Worry is a natural response to a problem, a difficulty or a challenging situation. The worry can help us get through the situation or find a solution to the problem.
- People who worry tend to do so for less than 1 hour a day.
- Your worrying doesn’t interfere with your work or social life.
- Your concerns are controllable and can be dealt with fairly easily and in the short-term.
- Worry is usually about specific topics. Eg. A job interview coming up, how to pay that big credit card bill, wondering how you can help your child with school work.
- Worrying can cause you mild distress, but you can identify a specific cause of your worry and why and when you started to worry.
- Worry usually goes once the situation has passed or the problem has been sorted out.
Anxiety is when worry lasts for a long time and the feelings associated with it, such as fear and unease, feel too strong and uncomfortable.
- Anxiety develops when you worry about things for several hours, every day, and have been excessively worrying like this for months.
- Your worrying feels like it’s out of control and is getting in the way of relationships, work and your social life.
- Your worrying is all consuming – it’s there all the time and can be very distressing.
- You worry about a broad range of subjects and a lot of it involves ‘what if….’ thinking.
- Your worrying is accompanied by other symptoms – you are finding it hard to get to sleep or stay asleep, you feel tense and are irritable with those around you, you feel on edge and restless, you have difficulty concentrating and have a feeling of being on constant alert.
Tips to manage your anxiety
Anxiety is very common and can be successfully treated. Try these self-help steps first.
- Anxiety is caused by your thoughts and the internal dialogue running inside your head.
- This thinking usually involved ‘what if…’ thinking about the future, and trying to find a solution to a problem that hasn’t happened yet.
- Worrying like this is unproductive and saps your emotional and mental energy, without the prize of any solid problem solving.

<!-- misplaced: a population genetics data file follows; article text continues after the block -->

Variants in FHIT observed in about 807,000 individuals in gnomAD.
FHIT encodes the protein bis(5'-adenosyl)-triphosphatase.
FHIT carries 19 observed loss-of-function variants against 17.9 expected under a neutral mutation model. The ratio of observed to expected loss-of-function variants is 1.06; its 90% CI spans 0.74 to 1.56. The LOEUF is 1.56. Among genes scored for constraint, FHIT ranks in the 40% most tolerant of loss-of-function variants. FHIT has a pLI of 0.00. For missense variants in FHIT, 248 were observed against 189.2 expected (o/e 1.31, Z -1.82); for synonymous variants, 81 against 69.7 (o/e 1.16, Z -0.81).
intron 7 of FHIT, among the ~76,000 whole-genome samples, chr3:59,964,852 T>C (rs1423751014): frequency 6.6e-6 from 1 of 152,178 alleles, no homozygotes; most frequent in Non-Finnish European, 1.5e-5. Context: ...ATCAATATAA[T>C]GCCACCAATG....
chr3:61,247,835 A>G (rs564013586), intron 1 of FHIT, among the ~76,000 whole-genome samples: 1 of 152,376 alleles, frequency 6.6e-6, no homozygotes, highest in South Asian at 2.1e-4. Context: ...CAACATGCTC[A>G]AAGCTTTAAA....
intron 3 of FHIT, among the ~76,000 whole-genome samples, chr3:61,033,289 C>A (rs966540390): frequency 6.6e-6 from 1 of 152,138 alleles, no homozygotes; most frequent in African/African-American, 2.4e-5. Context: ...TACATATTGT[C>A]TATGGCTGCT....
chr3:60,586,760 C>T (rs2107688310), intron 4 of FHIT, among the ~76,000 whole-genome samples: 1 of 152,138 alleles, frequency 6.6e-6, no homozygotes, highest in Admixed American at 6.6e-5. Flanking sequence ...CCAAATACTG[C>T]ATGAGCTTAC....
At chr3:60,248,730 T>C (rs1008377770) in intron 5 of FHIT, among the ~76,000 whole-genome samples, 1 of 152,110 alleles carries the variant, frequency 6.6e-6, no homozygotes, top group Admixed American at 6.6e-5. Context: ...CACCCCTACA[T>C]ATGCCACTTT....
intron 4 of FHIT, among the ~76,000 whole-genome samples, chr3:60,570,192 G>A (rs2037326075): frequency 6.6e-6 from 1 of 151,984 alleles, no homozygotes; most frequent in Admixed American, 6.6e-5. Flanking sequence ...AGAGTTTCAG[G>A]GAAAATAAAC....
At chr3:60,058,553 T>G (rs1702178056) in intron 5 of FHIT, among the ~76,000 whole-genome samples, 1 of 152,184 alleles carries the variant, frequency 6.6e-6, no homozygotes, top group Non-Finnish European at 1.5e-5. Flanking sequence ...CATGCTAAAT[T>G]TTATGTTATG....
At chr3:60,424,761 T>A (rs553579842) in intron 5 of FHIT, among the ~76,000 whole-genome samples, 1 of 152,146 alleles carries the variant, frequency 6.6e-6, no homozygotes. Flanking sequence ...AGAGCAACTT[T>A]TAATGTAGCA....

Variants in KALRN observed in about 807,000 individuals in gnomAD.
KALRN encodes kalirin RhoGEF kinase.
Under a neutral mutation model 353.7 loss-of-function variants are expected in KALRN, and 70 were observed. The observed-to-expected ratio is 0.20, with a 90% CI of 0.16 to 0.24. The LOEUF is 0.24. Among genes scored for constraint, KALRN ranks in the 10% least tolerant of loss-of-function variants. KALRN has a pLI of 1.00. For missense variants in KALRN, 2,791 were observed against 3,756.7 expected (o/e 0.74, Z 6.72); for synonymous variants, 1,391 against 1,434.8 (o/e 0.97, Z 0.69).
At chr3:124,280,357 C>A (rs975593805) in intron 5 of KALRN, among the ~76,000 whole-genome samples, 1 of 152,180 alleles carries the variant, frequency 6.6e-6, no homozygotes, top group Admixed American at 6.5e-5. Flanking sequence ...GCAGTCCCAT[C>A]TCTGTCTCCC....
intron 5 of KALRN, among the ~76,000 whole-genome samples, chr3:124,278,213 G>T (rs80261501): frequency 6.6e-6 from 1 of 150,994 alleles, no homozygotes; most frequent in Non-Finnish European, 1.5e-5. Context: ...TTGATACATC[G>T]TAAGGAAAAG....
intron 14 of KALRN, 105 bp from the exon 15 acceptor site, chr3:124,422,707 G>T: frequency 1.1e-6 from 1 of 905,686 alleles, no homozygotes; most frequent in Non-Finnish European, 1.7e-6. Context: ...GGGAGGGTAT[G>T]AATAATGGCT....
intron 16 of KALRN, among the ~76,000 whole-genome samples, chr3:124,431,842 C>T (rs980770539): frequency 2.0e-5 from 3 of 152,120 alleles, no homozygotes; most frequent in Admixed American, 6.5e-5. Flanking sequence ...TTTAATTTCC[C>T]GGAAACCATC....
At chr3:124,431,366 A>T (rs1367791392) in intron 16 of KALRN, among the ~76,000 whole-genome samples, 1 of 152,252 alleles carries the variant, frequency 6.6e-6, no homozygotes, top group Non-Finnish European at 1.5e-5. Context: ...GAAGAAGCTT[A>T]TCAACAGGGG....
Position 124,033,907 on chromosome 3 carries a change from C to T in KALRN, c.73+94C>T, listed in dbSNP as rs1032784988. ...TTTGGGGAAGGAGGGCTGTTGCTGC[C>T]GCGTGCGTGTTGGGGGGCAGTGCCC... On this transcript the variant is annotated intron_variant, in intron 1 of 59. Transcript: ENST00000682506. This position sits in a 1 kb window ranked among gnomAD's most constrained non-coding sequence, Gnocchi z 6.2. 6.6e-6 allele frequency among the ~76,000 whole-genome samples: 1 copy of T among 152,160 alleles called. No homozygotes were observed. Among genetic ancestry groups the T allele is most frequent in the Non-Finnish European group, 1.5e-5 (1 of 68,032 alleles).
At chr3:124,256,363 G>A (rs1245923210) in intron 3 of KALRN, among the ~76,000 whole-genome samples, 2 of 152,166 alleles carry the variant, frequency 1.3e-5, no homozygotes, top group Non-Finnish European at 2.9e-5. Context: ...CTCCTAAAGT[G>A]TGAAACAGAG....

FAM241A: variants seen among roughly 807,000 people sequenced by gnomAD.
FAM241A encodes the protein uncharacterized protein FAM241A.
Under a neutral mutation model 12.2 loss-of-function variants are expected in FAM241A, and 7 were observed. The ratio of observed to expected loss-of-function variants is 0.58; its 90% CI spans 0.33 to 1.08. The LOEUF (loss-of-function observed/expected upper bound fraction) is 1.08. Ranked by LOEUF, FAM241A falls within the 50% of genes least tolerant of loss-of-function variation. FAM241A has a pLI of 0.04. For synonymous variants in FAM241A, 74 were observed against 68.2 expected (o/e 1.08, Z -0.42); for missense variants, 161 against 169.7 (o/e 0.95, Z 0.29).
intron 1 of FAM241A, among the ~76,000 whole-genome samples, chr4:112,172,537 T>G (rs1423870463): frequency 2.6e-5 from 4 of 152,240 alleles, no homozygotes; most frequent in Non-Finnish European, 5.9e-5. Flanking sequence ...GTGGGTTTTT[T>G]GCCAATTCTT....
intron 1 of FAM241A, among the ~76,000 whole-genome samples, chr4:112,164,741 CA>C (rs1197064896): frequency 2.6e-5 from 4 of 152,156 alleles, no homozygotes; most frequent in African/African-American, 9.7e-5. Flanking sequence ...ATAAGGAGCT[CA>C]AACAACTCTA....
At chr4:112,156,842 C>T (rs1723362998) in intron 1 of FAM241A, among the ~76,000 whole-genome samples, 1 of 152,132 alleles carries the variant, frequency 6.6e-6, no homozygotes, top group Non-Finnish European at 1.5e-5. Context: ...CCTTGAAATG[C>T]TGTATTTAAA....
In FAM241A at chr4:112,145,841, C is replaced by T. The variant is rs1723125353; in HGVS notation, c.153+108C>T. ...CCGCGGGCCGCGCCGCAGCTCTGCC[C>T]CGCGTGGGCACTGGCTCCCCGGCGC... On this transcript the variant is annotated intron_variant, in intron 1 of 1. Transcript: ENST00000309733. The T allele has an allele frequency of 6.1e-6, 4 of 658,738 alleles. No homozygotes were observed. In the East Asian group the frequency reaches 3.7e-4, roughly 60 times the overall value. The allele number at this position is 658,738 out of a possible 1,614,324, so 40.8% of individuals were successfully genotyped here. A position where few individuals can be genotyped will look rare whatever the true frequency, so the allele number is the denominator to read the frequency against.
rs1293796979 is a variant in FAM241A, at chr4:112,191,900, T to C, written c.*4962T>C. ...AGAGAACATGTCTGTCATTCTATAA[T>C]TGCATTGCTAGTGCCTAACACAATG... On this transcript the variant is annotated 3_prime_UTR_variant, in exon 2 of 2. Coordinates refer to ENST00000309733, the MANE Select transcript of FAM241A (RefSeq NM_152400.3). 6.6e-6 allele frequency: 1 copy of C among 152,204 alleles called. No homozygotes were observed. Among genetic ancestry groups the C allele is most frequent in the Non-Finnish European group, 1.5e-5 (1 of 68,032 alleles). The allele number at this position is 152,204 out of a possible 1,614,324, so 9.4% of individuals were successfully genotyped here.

- Worrying isn’t helping and once you recognise this, you are on the first step to reducing your anxiety.
2. Relaxation techniques
- Practice deep breathing – see here for a breathing exercise which helps your mind and body relax.
- Try meditation – here’s a guide to a quick and easy meditation.
3. Connect with others
- Talk about your anxiety and worries with those close to you – family and friends.
- Reach out and ask for help and support.
4. Change your lifestyle
Some simple changes can really help your anxiety reduce.
- Limit caffeine and sugar intake – both are stimulants. Sugar causes blood sugar to spike then crash which can magnify physical feelings of anxiety such as shaking and nervousness, and caffeine can interfere with your sleep.
- Exercise regularly
- Avoid alcohol – it’s a depressant and relying on it to reduce anxiety may lead to drinking too much or dependency.
- Get enough sleep. See here for some sleep tips, including how to settle a racing mind.
If the anxiety doesn’t subside despite taking some self-help measures, then professional help may be needed.
Your GP may be able to make a diagnosis and refer you to a counsellor, or you could seek help from a private counsellor.
Westend Counselling works with clients successfully using Cognitive Behavioural Therapy to treat anxiety. We work together to identify what’s causing the anxiety, look at the ‘what if..’ thinking, and devise strategies to move forward and cope with anxiety-provoking issues in the future.